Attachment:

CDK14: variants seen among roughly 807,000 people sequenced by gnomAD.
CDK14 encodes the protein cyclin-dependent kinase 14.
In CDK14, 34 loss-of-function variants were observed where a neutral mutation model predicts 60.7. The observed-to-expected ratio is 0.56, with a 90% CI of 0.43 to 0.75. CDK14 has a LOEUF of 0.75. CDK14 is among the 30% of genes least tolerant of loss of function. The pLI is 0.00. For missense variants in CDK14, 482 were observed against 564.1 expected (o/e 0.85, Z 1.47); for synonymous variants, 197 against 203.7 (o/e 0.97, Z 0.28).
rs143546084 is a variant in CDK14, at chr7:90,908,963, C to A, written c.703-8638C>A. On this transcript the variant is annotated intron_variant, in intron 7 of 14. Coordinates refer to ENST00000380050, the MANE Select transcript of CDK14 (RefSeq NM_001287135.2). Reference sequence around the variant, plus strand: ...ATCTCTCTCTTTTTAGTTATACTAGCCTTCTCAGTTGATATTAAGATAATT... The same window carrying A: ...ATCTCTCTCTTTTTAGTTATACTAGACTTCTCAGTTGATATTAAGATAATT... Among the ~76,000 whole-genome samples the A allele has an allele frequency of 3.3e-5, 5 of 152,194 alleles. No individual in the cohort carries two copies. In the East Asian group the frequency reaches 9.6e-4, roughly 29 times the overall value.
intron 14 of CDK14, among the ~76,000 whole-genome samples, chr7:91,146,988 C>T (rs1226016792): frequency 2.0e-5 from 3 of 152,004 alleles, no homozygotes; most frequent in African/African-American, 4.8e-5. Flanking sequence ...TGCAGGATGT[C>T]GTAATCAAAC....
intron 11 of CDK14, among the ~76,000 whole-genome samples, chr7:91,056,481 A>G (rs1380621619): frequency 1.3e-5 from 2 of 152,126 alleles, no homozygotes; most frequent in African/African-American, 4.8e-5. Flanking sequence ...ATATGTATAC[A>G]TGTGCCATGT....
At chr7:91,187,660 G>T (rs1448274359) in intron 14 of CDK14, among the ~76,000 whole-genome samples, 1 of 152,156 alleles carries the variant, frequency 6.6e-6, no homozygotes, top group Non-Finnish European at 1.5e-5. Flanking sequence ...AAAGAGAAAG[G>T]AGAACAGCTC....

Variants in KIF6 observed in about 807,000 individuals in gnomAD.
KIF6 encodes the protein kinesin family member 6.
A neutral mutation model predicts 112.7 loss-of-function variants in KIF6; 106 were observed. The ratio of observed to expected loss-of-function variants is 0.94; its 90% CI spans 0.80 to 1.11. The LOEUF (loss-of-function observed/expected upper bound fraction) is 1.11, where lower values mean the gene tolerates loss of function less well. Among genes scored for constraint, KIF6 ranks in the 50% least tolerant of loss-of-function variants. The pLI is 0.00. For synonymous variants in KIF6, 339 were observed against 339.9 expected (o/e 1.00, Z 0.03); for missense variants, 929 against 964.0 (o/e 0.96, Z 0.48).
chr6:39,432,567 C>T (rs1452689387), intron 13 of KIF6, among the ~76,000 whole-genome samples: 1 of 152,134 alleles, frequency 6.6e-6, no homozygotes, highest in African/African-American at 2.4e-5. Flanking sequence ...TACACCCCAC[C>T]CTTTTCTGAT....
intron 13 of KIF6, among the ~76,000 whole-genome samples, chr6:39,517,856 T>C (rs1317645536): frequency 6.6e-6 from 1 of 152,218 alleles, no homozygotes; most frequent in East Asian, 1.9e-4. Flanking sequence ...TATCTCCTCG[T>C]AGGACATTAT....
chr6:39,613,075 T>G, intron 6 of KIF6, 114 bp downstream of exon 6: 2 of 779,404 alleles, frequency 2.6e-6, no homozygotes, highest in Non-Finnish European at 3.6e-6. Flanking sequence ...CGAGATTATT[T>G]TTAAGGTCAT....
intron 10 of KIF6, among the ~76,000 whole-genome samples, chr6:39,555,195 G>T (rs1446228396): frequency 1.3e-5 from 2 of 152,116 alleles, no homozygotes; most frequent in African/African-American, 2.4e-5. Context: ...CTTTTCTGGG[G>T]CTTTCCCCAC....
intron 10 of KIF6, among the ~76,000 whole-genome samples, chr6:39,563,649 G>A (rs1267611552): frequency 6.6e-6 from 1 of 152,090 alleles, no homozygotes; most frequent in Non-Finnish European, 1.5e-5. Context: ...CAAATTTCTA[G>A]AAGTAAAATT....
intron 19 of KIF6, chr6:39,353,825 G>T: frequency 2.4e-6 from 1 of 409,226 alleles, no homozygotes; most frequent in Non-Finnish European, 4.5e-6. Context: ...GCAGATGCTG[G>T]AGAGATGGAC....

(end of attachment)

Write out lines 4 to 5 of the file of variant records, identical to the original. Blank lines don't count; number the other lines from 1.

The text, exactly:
rs143546084 is a variant in CDK14, at chr7:90,908,963, C to A, written c.703-8638C>A. On this transcript the variant is annotated intron_variant, in intron 7 of 14. Coordinates refer to ENST00000380050, the MANE Select transcript of CDK14 (RefSeq NM_001287135.2). Reference sequence around the variant, plus strand: ...ATCTCTCTCTTTTTAGTTATACTAGCCTTCTCAGTTGATATTAAGATAATT... The same window carrying A: ...ATCTCTCTCTTTTTAGTTATACTAGACTTCTCAGTTGATATTAAGATAATT... Among the ~76,000 whole-genome samples the A allele has an allele frequency of 3.3e-5, 5 of 152,194 alleles. No individual in the cohort carries two copies. In the East Asian group the frequency reaches 9.6e-4, roughly 29 times the overall value.
intron 14 of CDK14, among the ~76,000 whole-genome samples, chr7:91,146,988 C>T (rs1226016792): frequency 2.0e-5 from 3 of 152,004 alleles, no homozygotes; most frequent in African/African-American, 4.8e-5. Flanking sequence ...TGCAGGATGT[C>T]GTAATCAAAC....